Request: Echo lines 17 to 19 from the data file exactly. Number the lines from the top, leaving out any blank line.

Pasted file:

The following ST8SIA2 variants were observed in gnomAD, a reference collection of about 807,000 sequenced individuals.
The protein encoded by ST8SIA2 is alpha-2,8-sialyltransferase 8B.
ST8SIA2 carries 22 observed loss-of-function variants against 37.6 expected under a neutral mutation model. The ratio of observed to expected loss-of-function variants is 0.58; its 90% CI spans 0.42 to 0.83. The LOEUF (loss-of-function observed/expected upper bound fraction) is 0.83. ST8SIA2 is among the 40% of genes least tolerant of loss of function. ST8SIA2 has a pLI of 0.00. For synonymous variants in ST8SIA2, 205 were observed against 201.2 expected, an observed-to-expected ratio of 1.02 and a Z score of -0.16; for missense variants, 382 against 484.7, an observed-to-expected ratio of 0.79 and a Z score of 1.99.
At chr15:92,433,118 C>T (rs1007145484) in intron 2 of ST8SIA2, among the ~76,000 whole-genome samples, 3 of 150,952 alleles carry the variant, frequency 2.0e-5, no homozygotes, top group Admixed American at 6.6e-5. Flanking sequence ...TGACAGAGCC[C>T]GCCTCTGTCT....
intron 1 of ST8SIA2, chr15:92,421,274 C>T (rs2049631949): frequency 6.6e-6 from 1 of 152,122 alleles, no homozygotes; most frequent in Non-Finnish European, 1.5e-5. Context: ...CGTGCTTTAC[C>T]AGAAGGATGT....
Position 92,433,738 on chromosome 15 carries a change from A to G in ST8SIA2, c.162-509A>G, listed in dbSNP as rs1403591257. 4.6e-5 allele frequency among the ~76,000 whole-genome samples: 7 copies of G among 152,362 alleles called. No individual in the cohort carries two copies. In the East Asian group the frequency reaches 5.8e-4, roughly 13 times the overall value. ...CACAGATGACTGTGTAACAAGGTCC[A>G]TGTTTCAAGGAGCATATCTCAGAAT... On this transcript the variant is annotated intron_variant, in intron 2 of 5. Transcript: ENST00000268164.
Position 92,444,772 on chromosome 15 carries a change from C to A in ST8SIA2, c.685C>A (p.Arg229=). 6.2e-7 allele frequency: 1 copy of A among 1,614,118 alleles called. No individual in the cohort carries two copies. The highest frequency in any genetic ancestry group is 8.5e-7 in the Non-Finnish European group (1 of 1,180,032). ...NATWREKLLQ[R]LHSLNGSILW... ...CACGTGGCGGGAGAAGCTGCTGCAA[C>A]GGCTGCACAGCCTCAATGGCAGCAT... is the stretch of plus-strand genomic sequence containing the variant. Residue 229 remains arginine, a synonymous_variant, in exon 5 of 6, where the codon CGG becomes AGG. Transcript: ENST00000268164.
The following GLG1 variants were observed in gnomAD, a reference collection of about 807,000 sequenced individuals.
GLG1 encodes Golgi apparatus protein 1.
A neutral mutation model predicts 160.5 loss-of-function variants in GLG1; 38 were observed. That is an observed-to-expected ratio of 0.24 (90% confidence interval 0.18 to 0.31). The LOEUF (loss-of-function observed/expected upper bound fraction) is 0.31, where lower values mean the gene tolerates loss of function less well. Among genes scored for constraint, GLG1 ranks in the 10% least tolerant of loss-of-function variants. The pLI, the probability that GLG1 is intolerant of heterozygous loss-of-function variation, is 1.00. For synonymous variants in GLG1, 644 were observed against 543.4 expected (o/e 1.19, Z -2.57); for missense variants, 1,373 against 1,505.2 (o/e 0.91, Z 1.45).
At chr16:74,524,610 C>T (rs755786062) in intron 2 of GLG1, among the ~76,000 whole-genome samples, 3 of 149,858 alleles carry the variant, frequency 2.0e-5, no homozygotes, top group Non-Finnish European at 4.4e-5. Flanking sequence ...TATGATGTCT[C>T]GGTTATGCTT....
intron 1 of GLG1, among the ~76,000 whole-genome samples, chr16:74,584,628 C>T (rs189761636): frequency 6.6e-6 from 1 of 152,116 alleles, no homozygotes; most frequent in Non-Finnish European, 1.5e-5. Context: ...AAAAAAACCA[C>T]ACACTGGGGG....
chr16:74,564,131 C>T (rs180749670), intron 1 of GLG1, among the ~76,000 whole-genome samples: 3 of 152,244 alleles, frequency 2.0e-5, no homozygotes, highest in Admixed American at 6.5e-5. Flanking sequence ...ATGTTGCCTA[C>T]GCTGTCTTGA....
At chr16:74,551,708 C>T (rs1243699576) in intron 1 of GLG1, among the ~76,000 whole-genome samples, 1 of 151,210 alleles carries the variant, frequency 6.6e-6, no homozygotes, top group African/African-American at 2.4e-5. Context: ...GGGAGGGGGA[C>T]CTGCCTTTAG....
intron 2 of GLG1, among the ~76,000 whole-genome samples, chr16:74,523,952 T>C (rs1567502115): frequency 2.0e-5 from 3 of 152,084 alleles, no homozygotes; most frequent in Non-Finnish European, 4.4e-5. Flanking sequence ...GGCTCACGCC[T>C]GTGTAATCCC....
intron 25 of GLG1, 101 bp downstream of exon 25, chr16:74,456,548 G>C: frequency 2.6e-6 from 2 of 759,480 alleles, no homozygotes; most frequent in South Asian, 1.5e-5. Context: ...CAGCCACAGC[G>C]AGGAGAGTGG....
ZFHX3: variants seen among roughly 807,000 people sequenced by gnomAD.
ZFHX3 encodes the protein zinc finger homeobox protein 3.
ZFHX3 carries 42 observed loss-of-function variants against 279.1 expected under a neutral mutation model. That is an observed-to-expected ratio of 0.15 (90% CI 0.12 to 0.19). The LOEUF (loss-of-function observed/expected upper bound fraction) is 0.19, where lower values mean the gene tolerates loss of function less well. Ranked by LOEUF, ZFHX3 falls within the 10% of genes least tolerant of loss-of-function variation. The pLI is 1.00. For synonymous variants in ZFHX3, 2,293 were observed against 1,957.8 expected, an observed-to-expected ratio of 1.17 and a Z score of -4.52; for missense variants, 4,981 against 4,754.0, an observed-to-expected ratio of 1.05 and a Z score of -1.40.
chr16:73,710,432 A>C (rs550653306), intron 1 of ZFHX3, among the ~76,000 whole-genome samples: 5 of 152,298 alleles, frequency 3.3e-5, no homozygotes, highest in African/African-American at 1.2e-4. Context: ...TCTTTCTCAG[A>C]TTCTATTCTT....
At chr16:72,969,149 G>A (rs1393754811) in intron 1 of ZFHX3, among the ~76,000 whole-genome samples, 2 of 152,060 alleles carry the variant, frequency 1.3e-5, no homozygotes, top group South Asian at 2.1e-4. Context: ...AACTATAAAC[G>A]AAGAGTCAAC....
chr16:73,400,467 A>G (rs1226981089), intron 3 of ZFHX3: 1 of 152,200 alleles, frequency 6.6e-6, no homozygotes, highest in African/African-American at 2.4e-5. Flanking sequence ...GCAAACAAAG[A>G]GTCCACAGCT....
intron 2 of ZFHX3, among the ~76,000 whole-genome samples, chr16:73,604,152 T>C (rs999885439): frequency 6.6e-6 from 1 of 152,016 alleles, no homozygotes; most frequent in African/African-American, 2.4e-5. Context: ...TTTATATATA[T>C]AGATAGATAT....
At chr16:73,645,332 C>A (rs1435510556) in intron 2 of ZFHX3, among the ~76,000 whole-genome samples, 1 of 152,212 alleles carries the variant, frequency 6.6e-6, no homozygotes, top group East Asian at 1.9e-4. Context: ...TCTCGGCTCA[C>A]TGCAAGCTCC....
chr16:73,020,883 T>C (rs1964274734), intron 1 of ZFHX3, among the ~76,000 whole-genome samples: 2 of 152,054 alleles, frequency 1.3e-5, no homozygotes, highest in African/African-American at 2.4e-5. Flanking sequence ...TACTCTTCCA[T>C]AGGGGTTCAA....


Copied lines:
ZFHX3: variants seen among roughly 807,000 people sequenced by gnomAD.
ZFHX3 encodes the protein zinc finger homeobox protein 3.
ZFHX3 carries 42 observed loss-of-function variants against 279.1 expected under a neutral mutation model. That is an observed-to-expected ratio of 0.15 (90% CI 0.12 to 0.19). The LOEUF (loss-of-function observed/expected upper bound fraction) is 0.19, where lower values mean the gene tolerates loss of function less well. Ranked by LOEUF, ZFHX3 falls within the 10% of genes least tolerant of loss-of-function variation. The pLI is 1.00. For synonymous variants in ZFHX3, 2,293 were observed against 1,957.8 expected, an observed-to-expected ratio of 1.17 and a Z score of -4.52; for missense variants, 4,981 against 4,754.0, an observed-to-expected ratio of 1.05 and a Z score of -1.40.